But visibility, excellent by day, is reduced to the narrow tunnel of light from your torch — and bumping into shark hunting by moonlight may be unnerving.
#5. Shark feeding
One of the great attractions of Maldives for divers used to be the shark feeds, first made famous by a German photographer named Herwath Voightmann on Bandos Island. The fashion caught on and soon five locations became popular — the house reef on Bandos, Lion’s Head in the Vaadhoo Channel, Banana Split near Furana, near Nakatchafushi and Fish Hole in Alifu Atoll.
Voightmann dressed up as an under-and fed sharks mouth-to-notorious human “shark” in the archipelago was a lawyer who staged a in the Bahamas after of taking over US$300,000 in Bribes. Interpol at last caught up with him yes, you guessed it, feeding sharks!
The knack is to feed large fish, so when the food is in the shark’s mouth, there’s no room for heads or hands. But tuna sends sharks into a feeding frenzy and it’s preferable to use different fish.
It is still possible to see a shark feed, but the event is becoming rarer for several reasons. Firstly, there is the danger. Secondly, there is the damage done to the sharks themselves: touching a shark can harm its protective body covering, making it prone to infection.
And finally, feeding changes a shark’s natural behavior, not only making it a lazy feeder but training it to associate divers with food.
With the growing ecological awareness among divers in recent years, shark feeding is now discouraged. It is better to observe the underwater world in Maldives as it is without human interference, particularly as it is one of the last underwater “wilder-nesses”. In keeping with this spirit, the Maldivian government officially discourages the so-called “shark circuses”, and Herwath Voightmann has moved on.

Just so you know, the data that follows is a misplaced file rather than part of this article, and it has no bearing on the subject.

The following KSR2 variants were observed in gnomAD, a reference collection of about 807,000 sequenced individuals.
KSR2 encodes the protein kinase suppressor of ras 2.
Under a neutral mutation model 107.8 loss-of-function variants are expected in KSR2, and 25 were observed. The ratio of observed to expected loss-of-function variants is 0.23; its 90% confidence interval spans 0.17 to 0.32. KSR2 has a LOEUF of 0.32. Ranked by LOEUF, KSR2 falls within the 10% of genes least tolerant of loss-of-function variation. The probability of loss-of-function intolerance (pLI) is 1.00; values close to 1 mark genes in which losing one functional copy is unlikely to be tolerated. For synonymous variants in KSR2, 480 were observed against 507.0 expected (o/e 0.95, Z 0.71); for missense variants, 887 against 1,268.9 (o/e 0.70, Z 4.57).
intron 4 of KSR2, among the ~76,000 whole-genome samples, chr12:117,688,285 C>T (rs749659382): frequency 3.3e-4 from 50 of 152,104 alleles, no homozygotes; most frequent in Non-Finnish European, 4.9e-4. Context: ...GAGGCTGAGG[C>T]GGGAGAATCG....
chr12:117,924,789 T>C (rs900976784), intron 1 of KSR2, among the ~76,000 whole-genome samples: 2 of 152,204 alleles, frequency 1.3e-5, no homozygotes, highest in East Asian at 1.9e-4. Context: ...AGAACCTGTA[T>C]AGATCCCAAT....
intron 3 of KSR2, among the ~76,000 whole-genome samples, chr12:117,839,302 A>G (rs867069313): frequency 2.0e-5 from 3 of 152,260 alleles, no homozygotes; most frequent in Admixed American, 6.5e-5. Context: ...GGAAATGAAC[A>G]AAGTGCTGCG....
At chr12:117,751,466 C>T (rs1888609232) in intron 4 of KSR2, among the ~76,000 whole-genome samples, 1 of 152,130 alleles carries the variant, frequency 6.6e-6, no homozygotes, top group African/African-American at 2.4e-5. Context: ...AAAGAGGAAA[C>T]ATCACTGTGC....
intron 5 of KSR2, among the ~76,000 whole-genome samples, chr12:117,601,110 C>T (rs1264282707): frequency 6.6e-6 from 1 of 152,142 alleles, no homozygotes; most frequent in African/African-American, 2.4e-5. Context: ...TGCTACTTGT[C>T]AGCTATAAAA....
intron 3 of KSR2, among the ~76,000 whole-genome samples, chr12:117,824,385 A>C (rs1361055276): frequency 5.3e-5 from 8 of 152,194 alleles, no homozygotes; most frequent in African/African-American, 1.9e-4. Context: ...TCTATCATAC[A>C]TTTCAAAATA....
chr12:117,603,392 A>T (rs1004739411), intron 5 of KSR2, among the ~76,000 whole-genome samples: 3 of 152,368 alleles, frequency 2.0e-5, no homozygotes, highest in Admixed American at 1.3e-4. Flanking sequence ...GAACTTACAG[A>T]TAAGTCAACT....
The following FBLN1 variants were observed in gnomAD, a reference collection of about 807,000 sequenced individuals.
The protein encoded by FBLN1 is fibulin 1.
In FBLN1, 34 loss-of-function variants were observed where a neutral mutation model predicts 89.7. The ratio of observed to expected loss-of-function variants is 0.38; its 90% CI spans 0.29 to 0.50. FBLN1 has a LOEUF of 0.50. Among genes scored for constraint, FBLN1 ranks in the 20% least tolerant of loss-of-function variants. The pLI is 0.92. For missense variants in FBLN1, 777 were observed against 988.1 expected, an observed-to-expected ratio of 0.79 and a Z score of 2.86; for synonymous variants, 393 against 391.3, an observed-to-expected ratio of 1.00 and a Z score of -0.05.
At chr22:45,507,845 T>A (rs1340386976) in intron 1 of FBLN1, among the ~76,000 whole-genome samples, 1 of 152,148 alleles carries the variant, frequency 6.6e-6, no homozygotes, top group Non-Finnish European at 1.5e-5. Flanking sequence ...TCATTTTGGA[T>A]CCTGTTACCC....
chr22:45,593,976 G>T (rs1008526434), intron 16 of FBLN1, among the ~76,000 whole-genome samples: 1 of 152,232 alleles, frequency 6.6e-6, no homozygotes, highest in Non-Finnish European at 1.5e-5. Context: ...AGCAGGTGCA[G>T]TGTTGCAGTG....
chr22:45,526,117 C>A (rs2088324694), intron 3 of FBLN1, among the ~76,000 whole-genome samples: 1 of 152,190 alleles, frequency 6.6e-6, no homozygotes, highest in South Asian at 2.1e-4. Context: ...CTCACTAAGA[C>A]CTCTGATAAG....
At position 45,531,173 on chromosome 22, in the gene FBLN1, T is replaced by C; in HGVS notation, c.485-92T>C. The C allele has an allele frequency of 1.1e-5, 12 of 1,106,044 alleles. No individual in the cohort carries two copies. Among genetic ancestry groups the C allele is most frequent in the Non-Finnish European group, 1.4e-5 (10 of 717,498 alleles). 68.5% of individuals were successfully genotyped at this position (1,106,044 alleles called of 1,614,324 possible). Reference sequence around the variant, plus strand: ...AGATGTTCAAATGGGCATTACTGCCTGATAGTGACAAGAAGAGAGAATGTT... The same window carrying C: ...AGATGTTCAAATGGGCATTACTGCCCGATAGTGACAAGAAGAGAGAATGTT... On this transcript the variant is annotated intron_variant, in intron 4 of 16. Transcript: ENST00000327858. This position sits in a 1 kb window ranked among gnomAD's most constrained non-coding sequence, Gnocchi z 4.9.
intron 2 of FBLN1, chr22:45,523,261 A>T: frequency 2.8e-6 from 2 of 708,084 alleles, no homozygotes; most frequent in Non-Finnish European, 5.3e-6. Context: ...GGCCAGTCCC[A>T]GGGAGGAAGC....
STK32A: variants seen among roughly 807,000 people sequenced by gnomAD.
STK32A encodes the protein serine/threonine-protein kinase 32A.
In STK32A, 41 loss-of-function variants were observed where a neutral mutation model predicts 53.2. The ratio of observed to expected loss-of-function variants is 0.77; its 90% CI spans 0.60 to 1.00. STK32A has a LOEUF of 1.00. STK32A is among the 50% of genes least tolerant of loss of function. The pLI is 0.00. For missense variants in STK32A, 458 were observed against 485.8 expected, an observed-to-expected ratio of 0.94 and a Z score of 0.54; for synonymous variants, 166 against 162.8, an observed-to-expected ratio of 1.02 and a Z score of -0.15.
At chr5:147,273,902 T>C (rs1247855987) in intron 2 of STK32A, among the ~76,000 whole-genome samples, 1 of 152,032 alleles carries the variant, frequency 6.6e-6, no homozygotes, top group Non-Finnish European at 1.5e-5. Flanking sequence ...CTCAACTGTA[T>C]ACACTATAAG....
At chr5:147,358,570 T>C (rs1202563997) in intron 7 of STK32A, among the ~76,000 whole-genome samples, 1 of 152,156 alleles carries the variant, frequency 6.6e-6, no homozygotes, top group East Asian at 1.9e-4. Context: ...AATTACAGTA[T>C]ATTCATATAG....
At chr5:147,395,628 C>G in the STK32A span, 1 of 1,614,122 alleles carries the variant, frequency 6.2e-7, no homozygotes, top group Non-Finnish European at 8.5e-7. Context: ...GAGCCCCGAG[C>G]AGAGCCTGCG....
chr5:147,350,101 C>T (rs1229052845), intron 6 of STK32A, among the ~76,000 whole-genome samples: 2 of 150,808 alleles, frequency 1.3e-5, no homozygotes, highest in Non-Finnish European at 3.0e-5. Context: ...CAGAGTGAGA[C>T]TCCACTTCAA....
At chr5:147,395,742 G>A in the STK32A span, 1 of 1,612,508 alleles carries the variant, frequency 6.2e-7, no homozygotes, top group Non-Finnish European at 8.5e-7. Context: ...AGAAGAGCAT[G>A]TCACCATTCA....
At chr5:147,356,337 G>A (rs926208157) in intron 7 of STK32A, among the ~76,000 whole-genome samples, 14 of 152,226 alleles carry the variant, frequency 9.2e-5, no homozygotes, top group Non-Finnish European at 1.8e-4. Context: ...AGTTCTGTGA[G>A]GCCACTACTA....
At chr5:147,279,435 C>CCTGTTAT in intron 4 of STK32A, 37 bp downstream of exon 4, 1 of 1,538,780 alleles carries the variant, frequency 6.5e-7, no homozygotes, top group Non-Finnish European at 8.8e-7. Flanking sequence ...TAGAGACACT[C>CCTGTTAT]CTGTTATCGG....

The best way to appreciate the underwater world of Maldives is to go slowly, conserving energy and looking around carefully. Nothing compares with a slow drift along a reef edge, the gentle current carrying the buoyant diver along, an honorary fish among fish, a harmless observer of the environment. There is so much un-earthly beauty that afterwards many divers find it difficult to remember the exact de-tails of all they have seen. They just recall a sense of deep contentment and peace.
Humans, of course, are land animals. But if evolutionists are right, all life began in water, so it is no surprise that many feel at home once they have learned basic underwater survival.
Many establish relationships with the fish. Dolphins are famous for offering life-changing experiences, but even moray eels,
With their doleful eyes, impart a certain knowledge and mutual empathy. Dolphins tend to keep to themselves in Maldives, but some diving instructors are emphatic that they have communicated with turtles.
Restrictions and dangers
Maldives maintains a maximum diving depth of forty meters (131 feet), but some resorts have introduced their own limit of thirty meters (98 feet). To go deeper, especially in clear, warm water, is a constant temptation. It is fatally easy to succumb to an excess of nitrogen in the blood, which induces the “raptures of the deep”. The overwhelming sense of wellbeing and power leads the most experienced diver to lose all caution and care. In such a happy-go-lucky state, divers have been known to offer the regulator of their air supply to a passing fish. The feeling of elation is soon followed by confusion. Each year, experienced divers and even instructors the world over disappear, drawn ever deeper by the lure of the ocean.